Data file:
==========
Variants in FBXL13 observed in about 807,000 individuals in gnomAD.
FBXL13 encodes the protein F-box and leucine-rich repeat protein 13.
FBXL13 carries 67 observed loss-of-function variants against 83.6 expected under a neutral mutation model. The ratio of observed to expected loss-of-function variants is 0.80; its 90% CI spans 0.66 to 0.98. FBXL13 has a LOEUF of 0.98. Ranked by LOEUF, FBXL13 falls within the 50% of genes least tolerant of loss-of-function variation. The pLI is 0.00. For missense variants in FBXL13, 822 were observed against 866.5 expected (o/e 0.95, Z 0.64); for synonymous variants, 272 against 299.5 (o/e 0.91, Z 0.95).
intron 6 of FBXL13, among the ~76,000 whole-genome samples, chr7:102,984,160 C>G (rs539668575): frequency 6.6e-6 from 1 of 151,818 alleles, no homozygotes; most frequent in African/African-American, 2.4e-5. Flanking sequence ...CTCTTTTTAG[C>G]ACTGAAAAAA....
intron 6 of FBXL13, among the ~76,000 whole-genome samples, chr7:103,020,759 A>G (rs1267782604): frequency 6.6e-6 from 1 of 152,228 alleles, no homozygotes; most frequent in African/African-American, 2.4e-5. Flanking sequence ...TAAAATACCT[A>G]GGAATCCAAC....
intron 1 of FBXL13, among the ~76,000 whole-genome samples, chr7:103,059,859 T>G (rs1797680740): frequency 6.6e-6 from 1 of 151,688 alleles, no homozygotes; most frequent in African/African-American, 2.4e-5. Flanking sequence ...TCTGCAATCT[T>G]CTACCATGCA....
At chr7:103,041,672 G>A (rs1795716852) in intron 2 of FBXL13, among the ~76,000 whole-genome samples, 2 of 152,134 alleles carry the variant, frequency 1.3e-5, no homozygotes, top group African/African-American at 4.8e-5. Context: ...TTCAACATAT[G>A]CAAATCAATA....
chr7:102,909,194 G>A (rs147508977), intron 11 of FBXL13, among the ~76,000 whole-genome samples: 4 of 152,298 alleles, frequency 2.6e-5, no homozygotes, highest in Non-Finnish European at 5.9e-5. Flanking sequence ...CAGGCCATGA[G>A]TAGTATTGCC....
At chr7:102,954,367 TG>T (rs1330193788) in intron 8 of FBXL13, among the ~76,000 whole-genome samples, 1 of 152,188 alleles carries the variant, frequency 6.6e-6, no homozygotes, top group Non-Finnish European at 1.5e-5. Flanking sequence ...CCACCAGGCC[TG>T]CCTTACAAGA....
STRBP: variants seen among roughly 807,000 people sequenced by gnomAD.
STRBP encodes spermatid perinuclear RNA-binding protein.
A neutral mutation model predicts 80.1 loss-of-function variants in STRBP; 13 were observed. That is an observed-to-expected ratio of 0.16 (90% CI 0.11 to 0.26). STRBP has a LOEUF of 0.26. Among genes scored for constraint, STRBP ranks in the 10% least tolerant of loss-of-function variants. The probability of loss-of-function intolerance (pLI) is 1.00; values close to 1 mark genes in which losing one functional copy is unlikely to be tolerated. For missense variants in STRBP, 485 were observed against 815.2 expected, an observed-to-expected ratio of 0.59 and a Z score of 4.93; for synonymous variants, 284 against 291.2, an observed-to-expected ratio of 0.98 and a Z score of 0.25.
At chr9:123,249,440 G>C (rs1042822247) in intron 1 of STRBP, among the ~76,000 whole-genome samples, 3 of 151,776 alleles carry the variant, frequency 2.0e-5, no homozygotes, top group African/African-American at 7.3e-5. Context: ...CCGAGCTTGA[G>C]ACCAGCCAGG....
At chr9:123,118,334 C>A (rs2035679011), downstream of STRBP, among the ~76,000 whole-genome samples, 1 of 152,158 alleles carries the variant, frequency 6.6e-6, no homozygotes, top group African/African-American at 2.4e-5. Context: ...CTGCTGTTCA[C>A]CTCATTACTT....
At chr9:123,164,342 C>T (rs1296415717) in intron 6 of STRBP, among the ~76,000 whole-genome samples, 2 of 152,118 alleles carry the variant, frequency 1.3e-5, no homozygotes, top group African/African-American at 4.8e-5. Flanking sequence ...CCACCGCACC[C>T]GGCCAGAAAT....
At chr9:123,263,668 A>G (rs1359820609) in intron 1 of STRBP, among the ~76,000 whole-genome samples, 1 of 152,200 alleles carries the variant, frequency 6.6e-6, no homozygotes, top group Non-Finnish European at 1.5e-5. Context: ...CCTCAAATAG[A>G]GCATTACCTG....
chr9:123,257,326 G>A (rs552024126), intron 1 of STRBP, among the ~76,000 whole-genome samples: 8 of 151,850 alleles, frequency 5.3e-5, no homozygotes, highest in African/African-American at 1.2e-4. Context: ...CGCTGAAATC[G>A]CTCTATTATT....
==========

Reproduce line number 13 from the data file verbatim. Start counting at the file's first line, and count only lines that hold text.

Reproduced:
At chr9:123,249,440 G>C (rs1042822247) in intron 1 of STRBP, among the ~76,000 whole-genome samples, 3 of 151,776 alleles carry the variant, frequency 2.0e-5, no homozygotes, top group African/African-American at 7.3e-5. Context: ...CCGAGCTTGA[G>C]ACCAGCCAGG....